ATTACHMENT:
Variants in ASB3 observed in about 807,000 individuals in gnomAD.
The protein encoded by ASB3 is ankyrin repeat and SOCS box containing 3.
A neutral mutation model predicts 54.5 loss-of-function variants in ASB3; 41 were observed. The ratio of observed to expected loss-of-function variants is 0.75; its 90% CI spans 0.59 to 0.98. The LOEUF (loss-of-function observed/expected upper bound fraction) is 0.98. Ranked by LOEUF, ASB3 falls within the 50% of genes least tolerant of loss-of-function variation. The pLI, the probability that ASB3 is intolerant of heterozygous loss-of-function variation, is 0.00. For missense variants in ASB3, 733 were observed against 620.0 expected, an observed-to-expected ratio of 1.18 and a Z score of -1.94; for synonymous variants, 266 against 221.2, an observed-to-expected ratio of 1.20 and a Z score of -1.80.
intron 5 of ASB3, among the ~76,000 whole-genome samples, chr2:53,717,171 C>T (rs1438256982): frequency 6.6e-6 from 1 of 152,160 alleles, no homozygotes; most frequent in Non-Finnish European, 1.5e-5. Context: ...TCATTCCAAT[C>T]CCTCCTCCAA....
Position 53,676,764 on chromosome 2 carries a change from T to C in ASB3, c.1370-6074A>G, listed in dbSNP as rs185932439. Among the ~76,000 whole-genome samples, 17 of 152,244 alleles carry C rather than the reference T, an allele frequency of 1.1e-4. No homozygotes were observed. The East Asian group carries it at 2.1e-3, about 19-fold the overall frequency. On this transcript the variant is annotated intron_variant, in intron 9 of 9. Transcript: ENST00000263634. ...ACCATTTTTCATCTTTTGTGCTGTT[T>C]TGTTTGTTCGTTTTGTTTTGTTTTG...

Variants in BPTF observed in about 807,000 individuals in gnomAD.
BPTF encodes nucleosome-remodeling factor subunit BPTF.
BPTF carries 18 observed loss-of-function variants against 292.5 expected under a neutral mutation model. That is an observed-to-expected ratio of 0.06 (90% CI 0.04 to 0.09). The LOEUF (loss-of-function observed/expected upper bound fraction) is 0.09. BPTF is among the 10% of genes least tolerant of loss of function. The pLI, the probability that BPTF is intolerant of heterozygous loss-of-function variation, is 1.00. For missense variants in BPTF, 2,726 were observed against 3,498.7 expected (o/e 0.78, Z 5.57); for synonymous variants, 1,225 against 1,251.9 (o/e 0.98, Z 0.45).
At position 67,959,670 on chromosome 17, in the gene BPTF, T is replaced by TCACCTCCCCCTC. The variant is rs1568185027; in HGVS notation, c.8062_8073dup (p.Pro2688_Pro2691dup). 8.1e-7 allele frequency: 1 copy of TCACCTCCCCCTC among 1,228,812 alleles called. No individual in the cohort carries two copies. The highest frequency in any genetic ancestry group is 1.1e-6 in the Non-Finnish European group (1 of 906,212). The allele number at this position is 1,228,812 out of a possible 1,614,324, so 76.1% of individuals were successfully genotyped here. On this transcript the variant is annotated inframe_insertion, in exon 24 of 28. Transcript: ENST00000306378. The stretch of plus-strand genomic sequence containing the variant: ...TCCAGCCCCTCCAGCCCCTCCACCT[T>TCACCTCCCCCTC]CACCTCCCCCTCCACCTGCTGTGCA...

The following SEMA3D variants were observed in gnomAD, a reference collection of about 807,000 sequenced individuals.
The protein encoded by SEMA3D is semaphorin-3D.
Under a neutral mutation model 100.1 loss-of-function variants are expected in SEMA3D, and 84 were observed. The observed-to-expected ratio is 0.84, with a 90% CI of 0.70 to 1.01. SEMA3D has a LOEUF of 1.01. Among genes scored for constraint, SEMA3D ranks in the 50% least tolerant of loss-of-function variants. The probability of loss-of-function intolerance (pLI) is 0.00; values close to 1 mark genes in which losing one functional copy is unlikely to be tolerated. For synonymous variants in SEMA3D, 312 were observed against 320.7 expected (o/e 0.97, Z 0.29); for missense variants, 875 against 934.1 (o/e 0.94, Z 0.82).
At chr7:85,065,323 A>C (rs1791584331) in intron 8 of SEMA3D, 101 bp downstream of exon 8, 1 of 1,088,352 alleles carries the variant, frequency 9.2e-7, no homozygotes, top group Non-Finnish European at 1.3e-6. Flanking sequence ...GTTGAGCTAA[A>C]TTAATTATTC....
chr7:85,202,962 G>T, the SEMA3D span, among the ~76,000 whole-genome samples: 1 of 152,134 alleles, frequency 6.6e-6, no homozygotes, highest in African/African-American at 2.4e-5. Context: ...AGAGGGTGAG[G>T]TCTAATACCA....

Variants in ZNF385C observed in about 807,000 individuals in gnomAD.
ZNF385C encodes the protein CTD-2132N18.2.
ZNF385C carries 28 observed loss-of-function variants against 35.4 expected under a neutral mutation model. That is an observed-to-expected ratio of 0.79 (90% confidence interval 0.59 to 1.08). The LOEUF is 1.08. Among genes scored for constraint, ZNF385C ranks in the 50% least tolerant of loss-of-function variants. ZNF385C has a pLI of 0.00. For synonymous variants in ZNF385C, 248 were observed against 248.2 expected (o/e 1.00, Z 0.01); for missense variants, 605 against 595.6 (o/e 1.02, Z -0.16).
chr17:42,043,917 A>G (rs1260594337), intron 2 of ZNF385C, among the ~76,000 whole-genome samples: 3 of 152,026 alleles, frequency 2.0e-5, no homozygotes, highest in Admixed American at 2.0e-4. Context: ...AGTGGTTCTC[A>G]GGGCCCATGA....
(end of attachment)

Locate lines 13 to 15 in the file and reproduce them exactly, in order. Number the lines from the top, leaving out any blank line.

At chr7:85,065,323 A>C (rs1791584331) in intron 8 of SEMA3D, 101 bp downstream of exon 8, 1 of 1,088,352 alleles carries the variant, frequency 9.2e-7, no homozygotes, top group Non-Finnish European at 1.3e-6. Flanking sequence ...GTTGAGCTAA[A>C]TTAATTATTC....
chr7:85,202,962 G>T, the SEMA3D span, among the ~76,000 whole-genome samples: 1 of 152,134 alleles, frequency 6.6e-6, no homozygotes, highest in African/African-American at 2.4e-5. Context: ...AGAGGGTGAG[G>T]TCTAATACCA....

Variants in ZNF385C observed in about 807,000 individuals in gnomAD.